California’s Biggest Builder Dips Into VC Investing

Michael Kanellos: November 25, 2008, 9:48 AM
Webcor -- a name that people in California see emblazoned on construction cranes and job sites all over the state -- will become a limited partner in a green building fund managed by Navitas Capital. Last month, the two companies signed a strategic agreement under which Navitas agreed to help Webcor identify promising greentech startups. The two deals underscore the growing momentum for green buildings. Webcor is the largest builder in California and a substantial portion of its revenue comes from LEED-based projects. By teaming up with Navitas, Webcor potentially will be able to find out about emerging green building technologies and even profit from them. Small companies, of course, could benefit by having easier access to a construction giant. One of the biggest challenges in green construction and building materials is getting contractors to actually adopt the stuff. Contractors are notoriously conservative when it comes to adopting new materials. Buildings have to last several decades and failures can easily lead to lawsuits. Navitas is a relatively new firm. It operated in stealth mode until a few months ago (when it was involuntarily outed). It invests only in green building companies. And in case this statistic isn't tattooed in your head yet, let me give it to you again: around 39 percent of the total energy consumed in the U.S. goes to running buildings. That's power that goes to lights, air conditioners and other appliances. Another 12 percent of the U.S.'s total energy gets consumed in construction.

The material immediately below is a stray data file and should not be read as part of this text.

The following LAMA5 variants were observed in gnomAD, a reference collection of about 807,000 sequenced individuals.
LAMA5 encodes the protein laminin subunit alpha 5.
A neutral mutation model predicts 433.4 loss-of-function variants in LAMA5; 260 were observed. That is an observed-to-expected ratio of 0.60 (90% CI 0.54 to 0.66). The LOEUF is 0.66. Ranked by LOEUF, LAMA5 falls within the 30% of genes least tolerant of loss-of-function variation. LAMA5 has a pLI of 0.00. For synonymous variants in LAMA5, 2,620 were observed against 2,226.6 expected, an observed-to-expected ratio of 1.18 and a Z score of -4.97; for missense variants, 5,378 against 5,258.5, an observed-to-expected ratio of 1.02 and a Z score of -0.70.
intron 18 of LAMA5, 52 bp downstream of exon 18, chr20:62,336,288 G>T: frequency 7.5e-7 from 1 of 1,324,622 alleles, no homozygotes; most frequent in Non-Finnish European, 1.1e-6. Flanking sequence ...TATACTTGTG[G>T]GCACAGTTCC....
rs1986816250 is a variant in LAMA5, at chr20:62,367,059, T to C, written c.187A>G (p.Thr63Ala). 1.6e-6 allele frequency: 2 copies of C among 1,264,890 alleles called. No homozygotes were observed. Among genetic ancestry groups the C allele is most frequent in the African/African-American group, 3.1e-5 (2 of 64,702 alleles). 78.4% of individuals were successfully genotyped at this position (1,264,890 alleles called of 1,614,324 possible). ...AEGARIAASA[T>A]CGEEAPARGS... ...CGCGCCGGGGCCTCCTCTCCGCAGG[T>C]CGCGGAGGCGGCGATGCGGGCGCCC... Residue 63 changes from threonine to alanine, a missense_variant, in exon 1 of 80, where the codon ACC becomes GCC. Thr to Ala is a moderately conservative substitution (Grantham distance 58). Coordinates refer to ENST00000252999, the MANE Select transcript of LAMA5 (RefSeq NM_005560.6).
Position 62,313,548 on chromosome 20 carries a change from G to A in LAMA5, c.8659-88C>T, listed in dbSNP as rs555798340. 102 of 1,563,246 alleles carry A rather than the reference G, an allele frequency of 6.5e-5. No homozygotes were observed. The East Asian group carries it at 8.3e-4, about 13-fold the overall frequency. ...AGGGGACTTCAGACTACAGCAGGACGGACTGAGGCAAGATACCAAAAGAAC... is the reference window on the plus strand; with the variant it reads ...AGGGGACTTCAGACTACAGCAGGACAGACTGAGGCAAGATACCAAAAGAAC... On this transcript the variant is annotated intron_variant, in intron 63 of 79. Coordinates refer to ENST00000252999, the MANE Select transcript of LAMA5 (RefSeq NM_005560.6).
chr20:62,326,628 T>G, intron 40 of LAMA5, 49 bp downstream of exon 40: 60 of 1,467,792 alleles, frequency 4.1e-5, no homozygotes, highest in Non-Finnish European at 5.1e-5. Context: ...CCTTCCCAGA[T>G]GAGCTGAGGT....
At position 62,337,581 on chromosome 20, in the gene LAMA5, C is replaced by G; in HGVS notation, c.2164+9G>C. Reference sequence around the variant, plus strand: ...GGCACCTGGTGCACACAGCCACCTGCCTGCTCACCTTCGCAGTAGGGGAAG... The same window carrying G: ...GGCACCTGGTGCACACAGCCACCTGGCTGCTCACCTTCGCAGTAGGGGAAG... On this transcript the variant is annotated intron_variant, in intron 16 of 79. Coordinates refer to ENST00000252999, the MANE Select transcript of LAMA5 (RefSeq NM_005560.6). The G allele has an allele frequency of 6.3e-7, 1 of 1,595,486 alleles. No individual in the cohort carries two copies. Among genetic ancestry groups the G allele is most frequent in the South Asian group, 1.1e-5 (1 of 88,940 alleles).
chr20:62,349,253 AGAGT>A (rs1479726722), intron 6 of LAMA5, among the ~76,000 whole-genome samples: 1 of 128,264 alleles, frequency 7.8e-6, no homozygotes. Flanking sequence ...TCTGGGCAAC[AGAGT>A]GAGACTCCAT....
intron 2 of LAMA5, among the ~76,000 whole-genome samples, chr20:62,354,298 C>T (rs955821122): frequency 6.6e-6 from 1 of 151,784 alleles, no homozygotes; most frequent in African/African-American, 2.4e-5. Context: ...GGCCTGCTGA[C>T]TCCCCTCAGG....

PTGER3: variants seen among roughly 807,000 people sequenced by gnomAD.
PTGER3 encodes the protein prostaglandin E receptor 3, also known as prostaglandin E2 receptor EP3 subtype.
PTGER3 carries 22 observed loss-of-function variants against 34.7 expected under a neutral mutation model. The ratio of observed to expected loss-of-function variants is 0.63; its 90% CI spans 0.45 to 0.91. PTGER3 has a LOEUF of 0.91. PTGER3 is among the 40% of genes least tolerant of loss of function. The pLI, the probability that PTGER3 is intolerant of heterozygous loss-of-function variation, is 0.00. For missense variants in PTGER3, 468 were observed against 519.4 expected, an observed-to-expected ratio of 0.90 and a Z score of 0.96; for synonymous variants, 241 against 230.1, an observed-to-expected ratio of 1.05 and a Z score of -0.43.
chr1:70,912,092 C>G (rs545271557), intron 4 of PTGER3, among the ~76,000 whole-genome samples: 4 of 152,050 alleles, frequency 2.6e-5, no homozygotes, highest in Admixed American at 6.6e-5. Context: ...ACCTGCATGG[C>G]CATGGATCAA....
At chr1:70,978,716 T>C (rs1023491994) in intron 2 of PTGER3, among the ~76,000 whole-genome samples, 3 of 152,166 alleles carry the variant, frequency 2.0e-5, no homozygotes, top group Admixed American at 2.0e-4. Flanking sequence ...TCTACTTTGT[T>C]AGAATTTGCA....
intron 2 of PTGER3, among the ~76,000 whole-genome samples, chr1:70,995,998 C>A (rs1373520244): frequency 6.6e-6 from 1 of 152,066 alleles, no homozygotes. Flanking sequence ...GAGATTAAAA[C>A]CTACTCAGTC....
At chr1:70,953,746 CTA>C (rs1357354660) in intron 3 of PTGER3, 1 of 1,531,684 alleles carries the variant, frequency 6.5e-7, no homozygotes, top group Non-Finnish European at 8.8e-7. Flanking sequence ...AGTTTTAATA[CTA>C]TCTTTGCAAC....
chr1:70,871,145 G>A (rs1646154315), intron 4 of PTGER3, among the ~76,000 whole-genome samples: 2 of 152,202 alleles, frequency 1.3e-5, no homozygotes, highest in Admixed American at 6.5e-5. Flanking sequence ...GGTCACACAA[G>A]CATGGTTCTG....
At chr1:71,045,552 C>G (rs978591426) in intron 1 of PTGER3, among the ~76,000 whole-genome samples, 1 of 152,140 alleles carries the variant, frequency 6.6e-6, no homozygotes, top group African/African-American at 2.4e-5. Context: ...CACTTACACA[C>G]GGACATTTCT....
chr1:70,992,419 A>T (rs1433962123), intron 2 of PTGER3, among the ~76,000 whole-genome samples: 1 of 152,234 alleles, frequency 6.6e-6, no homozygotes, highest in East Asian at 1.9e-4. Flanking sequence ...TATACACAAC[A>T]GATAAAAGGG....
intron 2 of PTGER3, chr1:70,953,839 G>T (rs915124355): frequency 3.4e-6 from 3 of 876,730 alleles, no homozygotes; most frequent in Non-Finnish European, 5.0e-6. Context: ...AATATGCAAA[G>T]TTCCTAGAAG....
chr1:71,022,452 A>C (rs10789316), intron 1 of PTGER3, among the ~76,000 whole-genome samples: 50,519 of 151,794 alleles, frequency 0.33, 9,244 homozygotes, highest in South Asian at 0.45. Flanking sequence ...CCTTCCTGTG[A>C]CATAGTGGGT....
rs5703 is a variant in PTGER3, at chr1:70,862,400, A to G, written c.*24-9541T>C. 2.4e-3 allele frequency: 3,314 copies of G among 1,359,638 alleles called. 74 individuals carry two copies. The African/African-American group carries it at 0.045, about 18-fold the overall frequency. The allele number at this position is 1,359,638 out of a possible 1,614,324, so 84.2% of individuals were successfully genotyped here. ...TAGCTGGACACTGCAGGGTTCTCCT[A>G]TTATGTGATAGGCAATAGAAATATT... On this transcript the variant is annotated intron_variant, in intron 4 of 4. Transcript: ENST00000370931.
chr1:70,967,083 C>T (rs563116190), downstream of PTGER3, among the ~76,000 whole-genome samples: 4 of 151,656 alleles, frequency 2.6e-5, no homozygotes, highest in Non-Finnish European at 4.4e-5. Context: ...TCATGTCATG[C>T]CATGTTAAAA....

L.A. Trots Out Ambitious Solar Plan

Michael Kanellos: November 24, 2008, 12:18 PM

Los Angeles Mayor Antonia Villaraigosa unveiled an ambitious solar plan today that seeks to get 1.3 gigawatts of L.A.'s power directly from the sun by the year 2020.

If the plan and other programs succeed, the city will get approximately 35 percent of its power from renewables. Right now, L.A. only gets around 10 percent from solar, biomass, wind and other renewable sources (not including large hydroelectric dams.). The 35 percent mark would even surpass the overall goal the state has set for itself.

The plan breaks down into three elements. One segment will revolve around homes. The city's goal is to get consumers to put 380-MW worth of solar panels on their roofs by 2020. Homeowners that can't afford their own panels will be able to buy shares of solar power plants.